Eradicating polio in Pakistan: An analysis of the challenges and solutions to this security and health issue

Shoaib Fahad Hussain*, Peter Boyle, Preeti Patel, Richard Sullivan

*Corresponding author for this work

Research output: Contribution to journalArticlepeer-review

60 Citations (Scopus)
308 Downloads (Pure)


Since the launch of the Global Polio Eradication Initiative (GPEI) in 1988 the global incidence of poliomyelitis has fallen by nearly 99 %. From a situation where wild type poliovirus was endemic in 125 countries across five continents, transmission is now limited to regions of just three countries - Pakistan, Afghanistan and Nigeria. A sharp increase in Pakistan's poliomyelitis cases in 2014 prompted the International Health Regulations Emergency Committee to declare the situation a 'public health emergency of international concern'. Global polio eradication hinges on Pakistan's ability to address the religious, political and socioeconomic barriers to immunisation; including discrepancies in vaccine coverage, a poor health infrastructure, and conflict in polio-endemic regions of the country. This analysis provides an overview of the GPEI, focusing on the historical and contemporary challenges facing Pakistan's polio eradication programme and the impact of conflict and insecurity, and sheds light on strategies to combat vaccine hesitancy, engage local communities and build on recent progress towards polio eradication in Pakistan.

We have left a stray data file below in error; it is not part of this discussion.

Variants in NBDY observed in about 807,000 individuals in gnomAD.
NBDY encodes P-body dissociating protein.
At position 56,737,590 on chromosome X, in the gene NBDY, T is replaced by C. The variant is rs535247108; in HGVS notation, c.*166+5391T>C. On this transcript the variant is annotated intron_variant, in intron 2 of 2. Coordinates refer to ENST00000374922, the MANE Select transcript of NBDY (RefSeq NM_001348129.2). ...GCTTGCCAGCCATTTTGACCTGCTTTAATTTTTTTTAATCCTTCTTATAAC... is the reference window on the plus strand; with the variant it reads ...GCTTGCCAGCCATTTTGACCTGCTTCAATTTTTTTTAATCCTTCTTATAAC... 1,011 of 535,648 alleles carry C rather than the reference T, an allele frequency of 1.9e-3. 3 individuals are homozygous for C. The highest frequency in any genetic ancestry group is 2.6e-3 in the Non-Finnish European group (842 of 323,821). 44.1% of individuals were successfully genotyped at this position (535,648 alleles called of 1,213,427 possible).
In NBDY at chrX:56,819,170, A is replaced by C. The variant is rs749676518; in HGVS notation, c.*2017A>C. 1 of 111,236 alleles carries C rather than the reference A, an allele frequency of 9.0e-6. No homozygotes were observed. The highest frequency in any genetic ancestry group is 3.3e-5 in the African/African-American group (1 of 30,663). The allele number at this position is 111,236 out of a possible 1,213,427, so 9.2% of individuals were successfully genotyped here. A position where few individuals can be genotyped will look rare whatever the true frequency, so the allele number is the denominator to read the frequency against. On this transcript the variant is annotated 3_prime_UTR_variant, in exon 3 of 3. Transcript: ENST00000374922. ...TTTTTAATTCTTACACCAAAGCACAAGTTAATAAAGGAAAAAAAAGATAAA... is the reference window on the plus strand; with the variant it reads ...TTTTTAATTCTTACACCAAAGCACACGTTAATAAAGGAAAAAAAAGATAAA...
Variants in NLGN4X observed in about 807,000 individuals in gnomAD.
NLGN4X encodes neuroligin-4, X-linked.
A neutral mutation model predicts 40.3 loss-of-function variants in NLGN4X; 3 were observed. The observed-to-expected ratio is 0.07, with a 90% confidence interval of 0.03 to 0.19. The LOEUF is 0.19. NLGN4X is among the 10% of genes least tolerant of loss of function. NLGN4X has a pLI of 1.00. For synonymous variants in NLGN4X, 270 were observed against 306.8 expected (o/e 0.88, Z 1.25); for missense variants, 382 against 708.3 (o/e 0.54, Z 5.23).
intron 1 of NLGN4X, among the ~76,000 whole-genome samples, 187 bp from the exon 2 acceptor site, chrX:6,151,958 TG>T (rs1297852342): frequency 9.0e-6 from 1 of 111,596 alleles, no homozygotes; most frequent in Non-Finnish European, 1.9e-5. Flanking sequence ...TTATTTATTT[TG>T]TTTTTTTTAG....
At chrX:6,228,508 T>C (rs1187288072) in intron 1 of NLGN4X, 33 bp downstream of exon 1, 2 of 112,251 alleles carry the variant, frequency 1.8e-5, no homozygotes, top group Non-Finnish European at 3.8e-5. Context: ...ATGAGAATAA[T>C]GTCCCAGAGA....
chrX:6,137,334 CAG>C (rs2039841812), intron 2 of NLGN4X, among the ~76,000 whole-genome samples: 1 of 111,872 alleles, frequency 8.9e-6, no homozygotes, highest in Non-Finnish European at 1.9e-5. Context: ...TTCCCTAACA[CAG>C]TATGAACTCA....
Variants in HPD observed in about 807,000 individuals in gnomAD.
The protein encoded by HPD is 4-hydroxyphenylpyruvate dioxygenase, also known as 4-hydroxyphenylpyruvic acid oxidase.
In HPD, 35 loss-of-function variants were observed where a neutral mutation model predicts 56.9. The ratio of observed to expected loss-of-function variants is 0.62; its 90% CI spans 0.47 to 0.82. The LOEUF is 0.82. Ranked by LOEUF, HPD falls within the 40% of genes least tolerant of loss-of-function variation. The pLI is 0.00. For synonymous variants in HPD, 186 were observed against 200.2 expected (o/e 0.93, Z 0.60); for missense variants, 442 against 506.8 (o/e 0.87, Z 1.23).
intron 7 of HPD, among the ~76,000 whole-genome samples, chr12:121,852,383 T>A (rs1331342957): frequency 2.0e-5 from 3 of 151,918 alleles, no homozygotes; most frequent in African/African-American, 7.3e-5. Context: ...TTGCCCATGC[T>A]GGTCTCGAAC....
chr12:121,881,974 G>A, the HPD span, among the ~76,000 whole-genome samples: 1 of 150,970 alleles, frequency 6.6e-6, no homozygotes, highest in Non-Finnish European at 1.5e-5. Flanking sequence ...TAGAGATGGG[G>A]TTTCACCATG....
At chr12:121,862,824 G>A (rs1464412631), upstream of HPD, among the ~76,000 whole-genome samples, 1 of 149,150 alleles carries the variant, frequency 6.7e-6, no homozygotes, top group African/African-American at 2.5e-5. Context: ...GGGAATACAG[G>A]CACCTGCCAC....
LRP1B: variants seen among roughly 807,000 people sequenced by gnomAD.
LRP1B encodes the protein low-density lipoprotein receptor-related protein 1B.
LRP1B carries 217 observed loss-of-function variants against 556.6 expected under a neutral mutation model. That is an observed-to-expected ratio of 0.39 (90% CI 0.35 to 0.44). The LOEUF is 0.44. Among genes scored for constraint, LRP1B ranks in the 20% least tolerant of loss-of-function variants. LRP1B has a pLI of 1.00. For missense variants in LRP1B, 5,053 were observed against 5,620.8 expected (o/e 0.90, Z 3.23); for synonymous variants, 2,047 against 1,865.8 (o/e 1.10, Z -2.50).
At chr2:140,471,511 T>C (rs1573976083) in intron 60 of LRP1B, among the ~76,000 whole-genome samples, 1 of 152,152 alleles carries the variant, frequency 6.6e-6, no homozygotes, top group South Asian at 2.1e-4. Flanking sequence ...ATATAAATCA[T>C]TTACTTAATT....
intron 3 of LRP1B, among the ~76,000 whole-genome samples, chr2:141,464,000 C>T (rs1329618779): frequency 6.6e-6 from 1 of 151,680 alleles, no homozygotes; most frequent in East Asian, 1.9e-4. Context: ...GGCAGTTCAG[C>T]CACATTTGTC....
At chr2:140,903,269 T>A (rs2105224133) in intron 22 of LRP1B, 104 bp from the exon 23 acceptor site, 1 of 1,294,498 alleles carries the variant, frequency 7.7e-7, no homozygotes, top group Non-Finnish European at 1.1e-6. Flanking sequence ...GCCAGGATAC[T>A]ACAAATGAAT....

Original languageEnglish
Article number63
JournalGlobalization and Health
Issue number1
Publication statusPublished - 12 Oct 2016


  • Conflict and health
  • Global health
  • Pakistan
  • Polio
  • Socioeconomic factors
  • Vaccine coverage


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